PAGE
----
reference. Id. at 15. Mr. Ferraro requested that the
Board of Directors investigate his termination and Mr.
Quinlan's use of company funds. Id. at 16. The
Company denied wrongdoing related to Mr. Ferraro's
termination and characterized Mr. Quinlan's use of funds
as a loan, but it did not verify that it had conducted an
investigation into either. Id. at 17-19.
Ferraro filed suit in March 2017, asserting a total of twelve
claims. ECF No. 1. Convercent, Mr. Quinlan, and Mr. Foster
move to dismiss plaintiff's claim of wrongful discharge
in violation of public policy against Mr. Quinlan, his breach
of contract claim against Convercent, and his civil
conspiracy claim against Mr. Quinlan and Mr. Foster. ECF No.
15. Nebbiolo moves to dismiss plaintiff's claim against
it for violation of the Colorado Organized Crime Control Act
(COCCA). ECF No. 19. The motions have been fully briefed.
See ECF Nos. 15, 18, 19, 23, 24, 30.
STANDARD OF REVIEW
survive a 12(b)(6) motion to dismiss, the complaint must
contain “enough facts to state a claim to relief that
is plausible on its face.” Ridge at Red Hawk,
L.L.C. v. Schneider, 493 F.3d 1174, 1177 (10th Cir.
2007) (quoting Bell Atlantic Corp. v. Twombly, 550
U.S. 544, 570 (2007)). A plausible claim is a claim that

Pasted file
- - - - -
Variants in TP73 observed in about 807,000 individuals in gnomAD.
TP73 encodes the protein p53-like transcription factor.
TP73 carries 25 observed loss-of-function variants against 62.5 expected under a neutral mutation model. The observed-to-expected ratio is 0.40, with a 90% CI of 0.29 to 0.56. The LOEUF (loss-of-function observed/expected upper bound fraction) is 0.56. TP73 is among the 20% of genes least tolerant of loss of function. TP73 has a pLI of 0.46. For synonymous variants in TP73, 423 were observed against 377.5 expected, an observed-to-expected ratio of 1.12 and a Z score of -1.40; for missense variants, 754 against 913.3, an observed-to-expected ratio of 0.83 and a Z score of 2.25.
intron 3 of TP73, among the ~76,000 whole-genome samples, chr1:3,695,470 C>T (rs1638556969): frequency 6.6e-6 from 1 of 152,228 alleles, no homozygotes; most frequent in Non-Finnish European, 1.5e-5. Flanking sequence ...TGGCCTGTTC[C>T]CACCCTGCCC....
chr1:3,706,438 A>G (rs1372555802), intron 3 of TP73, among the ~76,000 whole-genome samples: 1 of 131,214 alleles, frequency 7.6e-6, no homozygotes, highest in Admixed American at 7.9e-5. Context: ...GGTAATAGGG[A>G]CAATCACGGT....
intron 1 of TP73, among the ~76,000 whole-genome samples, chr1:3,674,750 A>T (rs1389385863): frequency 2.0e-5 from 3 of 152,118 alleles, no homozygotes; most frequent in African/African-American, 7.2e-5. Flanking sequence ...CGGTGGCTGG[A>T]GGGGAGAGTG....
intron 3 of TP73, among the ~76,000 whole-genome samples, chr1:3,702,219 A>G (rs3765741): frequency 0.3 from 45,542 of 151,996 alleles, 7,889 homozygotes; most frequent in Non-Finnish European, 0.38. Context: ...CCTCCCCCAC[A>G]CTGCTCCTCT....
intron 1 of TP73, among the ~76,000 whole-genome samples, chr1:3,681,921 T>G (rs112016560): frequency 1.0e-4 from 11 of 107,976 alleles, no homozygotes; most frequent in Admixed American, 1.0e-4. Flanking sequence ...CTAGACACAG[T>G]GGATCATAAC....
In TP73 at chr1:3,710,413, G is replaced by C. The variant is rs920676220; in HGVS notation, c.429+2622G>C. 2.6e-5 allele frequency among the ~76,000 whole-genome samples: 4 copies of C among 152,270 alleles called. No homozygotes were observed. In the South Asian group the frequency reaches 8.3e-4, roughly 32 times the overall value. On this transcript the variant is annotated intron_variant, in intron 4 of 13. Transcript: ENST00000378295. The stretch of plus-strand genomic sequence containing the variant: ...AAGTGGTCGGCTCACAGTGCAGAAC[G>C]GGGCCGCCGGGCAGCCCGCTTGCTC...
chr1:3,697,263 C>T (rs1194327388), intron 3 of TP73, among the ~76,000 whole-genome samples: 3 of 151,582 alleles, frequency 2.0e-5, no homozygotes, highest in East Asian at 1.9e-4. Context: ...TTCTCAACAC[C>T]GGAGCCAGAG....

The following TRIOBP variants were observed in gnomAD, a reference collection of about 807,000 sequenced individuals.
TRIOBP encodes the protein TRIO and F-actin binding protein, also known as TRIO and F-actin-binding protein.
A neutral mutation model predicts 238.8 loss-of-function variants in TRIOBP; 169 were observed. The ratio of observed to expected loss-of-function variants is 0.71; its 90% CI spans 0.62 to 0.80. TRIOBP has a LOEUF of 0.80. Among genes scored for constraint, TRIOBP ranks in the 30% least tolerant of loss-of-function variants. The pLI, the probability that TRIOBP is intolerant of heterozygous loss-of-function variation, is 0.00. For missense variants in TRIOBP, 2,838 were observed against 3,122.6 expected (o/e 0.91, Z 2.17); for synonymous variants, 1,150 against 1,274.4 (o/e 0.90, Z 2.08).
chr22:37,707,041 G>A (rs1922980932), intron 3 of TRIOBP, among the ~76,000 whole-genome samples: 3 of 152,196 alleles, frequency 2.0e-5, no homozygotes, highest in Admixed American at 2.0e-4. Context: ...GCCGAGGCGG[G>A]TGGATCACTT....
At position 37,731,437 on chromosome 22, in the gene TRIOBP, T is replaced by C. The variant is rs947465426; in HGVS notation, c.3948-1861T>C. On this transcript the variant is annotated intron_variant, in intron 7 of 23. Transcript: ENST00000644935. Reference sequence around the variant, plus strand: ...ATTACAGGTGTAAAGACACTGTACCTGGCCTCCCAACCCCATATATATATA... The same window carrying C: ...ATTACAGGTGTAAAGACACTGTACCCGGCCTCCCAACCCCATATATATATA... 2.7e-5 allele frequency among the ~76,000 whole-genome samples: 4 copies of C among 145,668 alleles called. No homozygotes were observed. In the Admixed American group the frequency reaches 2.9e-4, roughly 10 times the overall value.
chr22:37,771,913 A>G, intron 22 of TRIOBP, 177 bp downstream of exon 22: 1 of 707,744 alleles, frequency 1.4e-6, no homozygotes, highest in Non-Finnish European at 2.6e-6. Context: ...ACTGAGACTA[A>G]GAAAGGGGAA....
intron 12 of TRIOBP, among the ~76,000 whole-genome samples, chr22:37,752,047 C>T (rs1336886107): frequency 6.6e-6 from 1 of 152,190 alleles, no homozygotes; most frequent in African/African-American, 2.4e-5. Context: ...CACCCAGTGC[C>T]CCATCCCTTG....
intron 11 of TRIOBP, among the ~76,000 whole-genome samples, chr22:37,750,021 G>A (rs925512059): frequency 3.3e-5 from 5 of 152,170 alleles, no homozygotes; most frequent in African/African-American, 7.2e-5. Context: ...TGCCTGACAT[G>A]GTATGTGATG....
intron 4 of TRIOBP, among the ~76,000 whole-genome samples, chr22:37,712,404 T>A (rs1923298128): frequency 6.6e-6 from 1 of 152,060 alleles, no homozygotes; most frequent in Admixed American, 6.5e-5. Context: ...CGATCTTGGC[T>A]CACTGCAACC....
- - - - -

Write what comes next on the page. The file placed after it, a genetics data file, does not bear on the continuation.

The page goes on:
“allows the court to draw the reasonable inference that
the defendant is liable for the misconduct alleged.”
Ashcroft v. Iqbal, 556 U.S. 662, 678 (2009). While
the Court must accept the well-pleaded allegations of the
complaint as true and construe them in the light most
favorable to the plaintiff, Robbins v. Wilkie, 300
F.3d 1208, 1210 (10th Cir. 2002), purely conclusory
allegations are not entitled to be presumed true,
Iqbal, 556 U.S. at 681. However, so long as the
plaintiff offers sufficient factual allegations such that the
right to relief is raised above the speculative level, he has
met the threshold pleading standard. See, e.g.,
Twombly, 550 U.S. at 556; Bryson v.
Gonzales, 534 F.3d 1282, 1286 (10th Cir. 2008).
Wrongful Discharge Claim Against Mr.
Ferraro asserts that he was fired for trying to exercise his
right to investigate Mr. Quinlan's unauthorized use of
Convercent funds and another Convercent employee's
facilitation of that use. ECF No. 1 at 24. This, he claims,
was a violation of public policy, therefore constituting the
tort of wrongful discharge. Convercent, Mr. Quinlan, and Mr.
Foster move to dismiss this claim as against Mr. Quinlan,
contending that ...